Spirulina species are photosynthetic and filamentous bacteria, commonly called 'blue-green microalgae'. Spirulina has a high nutrient content. It contains 60-70% protein with all essential amino acids present, and is rich in several vitamins, minerals, and bioactive compounds. Spirulina is also rich in essential fatty acids, and antioxidants. This rich nutritional content provides to Spirulina several health benefits including antioxidant, anti-inflammatory, immunomodulation, and insulin-sensitizing properties as well as positive effects in various diseases which could be also interesting for athletes. This paper mainly aims to review the interest and effects of Spirulina supplementation in athletes at rest, and in relation to exercise/training. Spirulina's biochemical composition, health properties/effects in humans, and effects in athletes including nutritional status, body composition, physical performance and intense exercise-related disorders were discussed in this review. Literature data showed that Spirulina seems to have positive effects on body composition especially in overweight and obese subjects which could not be the case in other pathologies and athletes. Spirulina appears to be also effective in improving aerobic fitness especially in untrained and moderately trained subjects. Results reported in the literature suggest that Spirulina may improve strength and power performance despite the minor or no significant effects in highly trained subjects. Most studies have shown that Spirulina improves antioxidant status, prevents and accelerates the recovery of exercise-induced lipid peroxidation, muscle damage and inflammation in trained and untrained subjects. Taken together, the results from these studies are encouraging and may demonstrate the potential benefits of Spirulina supplementation in athletes despite methodological differences.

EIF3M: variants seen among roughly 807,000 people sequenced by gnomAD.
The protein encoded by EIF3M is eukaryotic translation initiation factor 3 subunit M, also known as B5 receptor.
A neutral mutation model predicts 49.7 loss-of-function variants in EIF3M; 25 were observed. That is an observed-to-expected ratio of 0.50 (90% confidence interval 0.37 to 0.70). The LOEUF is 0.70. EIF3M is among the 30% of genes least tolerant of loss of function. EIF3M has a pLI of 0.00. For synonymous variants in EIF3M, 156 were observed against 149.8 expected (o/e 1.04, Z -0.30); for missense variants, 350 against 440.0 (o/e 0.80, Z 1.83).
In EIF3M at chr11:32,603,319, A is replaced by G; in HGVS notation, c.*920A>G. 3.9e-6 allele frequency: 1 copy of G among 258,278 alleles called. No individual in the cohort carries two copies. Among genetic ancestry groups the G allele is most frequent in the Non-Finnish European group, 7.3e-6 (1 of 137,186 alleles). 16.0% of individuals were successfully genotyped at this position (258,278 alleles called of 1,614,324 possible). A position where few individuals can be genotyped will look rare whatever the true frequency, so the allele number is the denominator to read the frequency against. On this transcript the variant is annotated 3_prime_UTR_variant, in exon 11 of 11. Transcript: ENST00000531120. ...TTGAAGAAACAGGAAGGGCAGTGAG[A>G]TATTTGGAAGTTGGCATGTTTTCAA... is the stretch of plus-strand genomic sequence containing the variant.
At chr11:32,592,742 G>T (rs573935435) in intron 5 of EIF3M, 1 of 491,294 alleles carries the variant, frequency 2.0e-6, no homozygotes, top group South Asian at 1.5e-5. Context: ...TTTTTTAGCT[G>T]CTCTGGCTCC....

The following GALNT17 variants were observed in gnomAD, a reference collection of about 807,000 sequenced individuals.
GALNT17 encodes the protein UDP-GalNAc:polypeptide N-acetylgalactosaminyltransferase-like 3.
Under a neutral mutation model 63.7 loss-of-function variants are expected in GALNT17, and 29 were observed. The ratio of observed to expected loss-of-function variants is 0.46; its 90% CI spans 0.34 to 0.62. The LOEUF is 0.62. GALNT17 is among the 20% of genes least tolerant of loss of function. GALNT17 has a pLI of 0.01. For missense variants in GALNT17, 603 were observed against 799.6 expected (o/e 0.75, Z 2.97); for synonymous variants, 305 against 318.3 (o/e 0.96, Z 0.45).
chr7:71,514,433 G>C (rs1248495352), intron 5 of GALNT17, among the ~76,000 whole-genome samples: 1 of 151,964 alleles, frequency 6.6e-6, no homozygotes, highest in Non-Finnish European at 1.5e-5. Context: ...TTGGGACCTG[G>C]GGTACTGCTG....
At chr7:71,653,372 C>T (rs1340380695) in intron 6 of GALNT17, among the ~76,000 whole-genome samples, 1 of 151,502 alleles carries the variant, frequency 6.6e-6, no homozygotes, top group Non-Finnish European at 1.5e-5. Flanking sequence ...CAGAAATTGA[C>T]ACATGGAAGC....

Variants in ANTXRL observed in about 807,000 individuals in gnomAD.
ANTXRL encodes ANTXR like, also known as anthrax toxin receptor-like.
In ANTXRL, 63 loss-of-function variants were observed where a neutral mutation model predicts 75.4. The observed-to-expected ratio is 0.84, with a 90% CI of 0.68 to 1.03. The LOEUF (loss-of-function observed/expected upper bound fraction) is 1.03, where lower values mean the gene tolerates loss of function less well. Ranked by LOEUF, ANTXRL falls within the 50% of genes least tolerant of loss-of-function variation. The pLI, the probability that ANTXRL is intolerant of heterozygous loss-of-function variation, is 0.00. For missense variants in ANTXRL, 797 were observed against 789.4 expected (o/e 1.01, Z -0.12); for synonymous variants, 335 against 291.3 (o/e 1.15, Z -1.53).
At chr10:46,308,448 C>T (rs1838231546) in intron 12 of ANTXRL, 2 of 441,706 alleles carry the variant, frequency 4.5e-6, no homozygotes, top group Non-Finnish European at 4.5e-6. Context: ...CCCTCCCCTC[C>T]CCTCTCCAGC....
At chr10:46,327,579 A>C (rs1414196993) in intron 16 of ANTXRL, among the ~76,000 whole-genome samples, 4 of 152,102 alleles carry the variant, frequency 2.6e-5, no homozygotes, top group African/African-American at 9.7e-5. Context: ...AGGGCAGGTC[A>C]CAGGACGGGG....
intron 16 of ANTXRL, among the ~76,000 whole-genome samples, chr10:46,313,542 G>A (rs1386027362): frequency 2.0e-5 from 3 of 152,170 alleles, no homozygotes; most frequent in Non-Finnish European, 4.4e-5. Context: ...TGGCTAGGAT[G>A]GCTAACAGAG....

... Despite antioxidants being the major focus in algae supplementation for exercise performance, a few studies have offered differing perspectives on their constituents, and therefore mechanisms that might be the cause for the observed improvements in performance. Reports that spirulina can improve peak and average muscular force (15,37) have led to one group of authors suggesting that spirulina's high protein efficiency ratio (87%) and net protein ultilisation (92%) may have played an important role in achieving the positive results whilst administering alongside a training programme (37). Though this may well be a contributing factor, and despite roughly 65% of spirulina's dry weight being a complete protein source, it is important to note that a substantial dosage of algae would have to be consumed to achieve the daily recommended protein intake. ...